FLIR Systems Inc. (FLIR), the maker of night-vision gear for law enforcement and commercial clients, got the type of publicity money can’t buy when its thermal-energy camera aided authorities in capturing the Boston Marathon bombing suspect.
The Star Safire HD system was mounted to a Massachusetts State Police helicopter and confirmed that a person later identified as Dzhokhar Tsarnaev was alive and hiding under a boat tarp outside a suburban Watertown home before he was taken into custody last week, Kevin Tucker, vice president and general manager of FLIR’s surveillance group, said in a telephone interview yesterday. The system has a thermal sensor, a television camera and a laser range finder that determines distances to target scenes.
“We had the state police helicopter that could tell us when there was movement in the boat by the heat sensor, so we could tell he was alive and moving,” Watertown, Massachusetts, Police Chief Edward Deveau said in a CNN interview on April 20. A negotiation team was brought in, eventually resulting in Tsarnaev’s capture the previous day.
Tsarnaev, 19, was charged by the U.S. yesterday with using and conspiring to use a weapon of mass destruction in the two blasts that killed three people and injured more than 170 near the race’s finish line on April 15. Pictures broadcast on TV and printed in newspapers over the weekend showed an X-rayed image of Watertown resident David Henneberry’s boat and Tsarnaev huddled within it prior to the arrest.
Henneberry first noticed the tarp on his boat was torn after Governor Deval Patrick lifted some restrictions on movement and travel and he stepped outside to get fresh air. After walking to the boat and seeing blood, he called police at 6:42 p.m.
Tsarnaev remains at Beth Israel Deaconess Medical Center in Boston recovering from injuries sustained in an almost 24-hour manhunt that shut down Boston and surrounding cities. His 26-year-old brother Tamerlan was killed during an earlier confrontation with police on April 19.
FLIR, based in Wilsonville, Oregon, also has an office outside of Boston, with about 400 employees, Tucker said. The firm was founded in 1978 and originally provided infrared-imaging systems that were installed on vehicles for use in conducting energy audits. Its present technology permits users to see objects through darkness, dust, smoke or fog. Ground-based security for commercial clients, in addition to law-enforcement agencies, employ FLIR’s technology.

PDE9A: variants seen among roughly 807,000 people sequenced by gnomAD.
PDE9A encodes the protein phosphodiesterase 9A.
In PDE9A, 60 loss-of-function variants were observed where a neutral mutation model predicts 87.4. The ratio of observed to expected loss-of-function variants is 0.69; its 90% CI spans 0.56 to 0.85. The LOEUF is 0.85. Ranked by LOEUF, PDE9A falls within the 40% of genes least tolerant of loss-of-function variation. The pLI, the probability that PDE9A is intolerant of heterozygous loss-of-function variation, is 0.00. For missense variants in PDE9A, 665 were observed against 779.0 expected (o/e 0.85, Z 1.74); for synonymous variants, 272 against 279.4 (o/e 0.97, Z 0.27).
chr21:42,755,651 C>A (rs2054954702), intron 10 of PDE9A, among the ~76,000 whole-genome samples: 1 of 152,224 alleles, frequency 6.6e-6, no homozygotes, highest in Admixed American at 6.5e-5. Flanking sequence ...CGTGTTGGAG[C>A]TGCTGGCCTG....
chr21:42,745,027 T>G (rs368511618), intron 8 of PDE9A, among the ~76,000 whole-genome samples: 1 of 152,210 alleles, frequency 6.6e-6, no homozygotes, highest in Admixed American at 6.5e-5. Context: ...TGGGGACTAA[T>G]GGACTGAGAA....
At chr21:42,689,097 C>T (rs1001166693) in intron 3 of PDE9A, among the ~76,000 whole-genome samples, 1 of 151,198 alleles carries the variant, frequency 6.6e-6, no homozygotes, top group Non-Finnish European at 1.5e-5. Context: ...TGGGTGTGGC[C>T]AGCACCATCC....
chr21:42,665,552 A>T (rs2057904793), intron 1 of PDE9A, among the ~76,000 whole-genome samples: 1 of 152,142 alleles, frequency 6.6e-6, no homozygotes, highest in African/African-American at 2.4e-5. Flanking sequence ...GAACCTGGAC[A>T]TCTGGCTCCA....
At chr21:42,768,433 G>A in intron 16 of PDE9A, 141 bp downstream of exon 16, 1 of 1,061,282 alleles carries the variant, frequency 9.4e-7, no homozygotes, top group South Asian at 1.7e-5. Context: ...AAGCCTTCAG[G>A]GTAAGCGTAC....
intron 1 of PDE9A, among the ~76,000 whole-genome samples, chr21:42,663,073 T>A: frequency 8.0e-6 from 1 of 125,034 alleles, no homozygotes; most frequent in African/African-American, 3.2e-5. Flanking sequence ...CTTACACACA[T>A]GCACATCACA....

The Star Safire HD system can cost about $500,000 yet varies with different configurations, and is used by the U.S. Army as well as federal, state and local law enforcement, said Tucker. The thermal imaging camera, which recognizes the differences in surface energy among objects and represents them in shades of gray, can’t see through roofs, walls or fiberglass, Tucker said. It works in daytime and nighttime, and high temperatures or rain can change its effectiveness.
“This has definitely made people take a look at what is it that we do,” Tucker said. “I used to live in New England, and the Boston Marathon is one of biggest events all year. For us to be able to play a small part was a real honor.”
E-mails asking the Massachusetts State Police about the FLIR technology weren’t returned.
Under some conditions, thermal imaging can’t distinguish between humans and other animals. It generally doesn’t work when the ambient temperature is higher than about 96 degrees Fahrenheit (36 Celsius) outdoors or inside a building or vehicle, according to two sources familiar with the technology who asked not to be identified because they aren’t authorized to speak publicly. Metallic space blankets, thick underbrush and glass reflections can foil it, as can well-insulated or underground spaces, the people said.
In the fourth quarter, FLIR won a $17 million contract to outfit an aircraft for the Afghan Air Force, as well as a $12 million contract to support the Brazil police force’s security measures for the World Cup and Olympic Games, William Sundermeier, president of FLIR’s government-systems unit, said during a Feb. 7 conference call.
FLIR’s profit increased 1.5 percent in the fourth quarter from a year earlier as the firm’s bookings and backlog of orders increased. Its revenue fell 4.6 percent to $386.4 million, with more than half from international clients. FLIR’s shares rose 1.7 percent in the past 12 months, compared with a 13 percent increase in the Standard & Poor’s 500 Index. FLIR gained 1.8 percent yesterday to close at $23.96 in New York.
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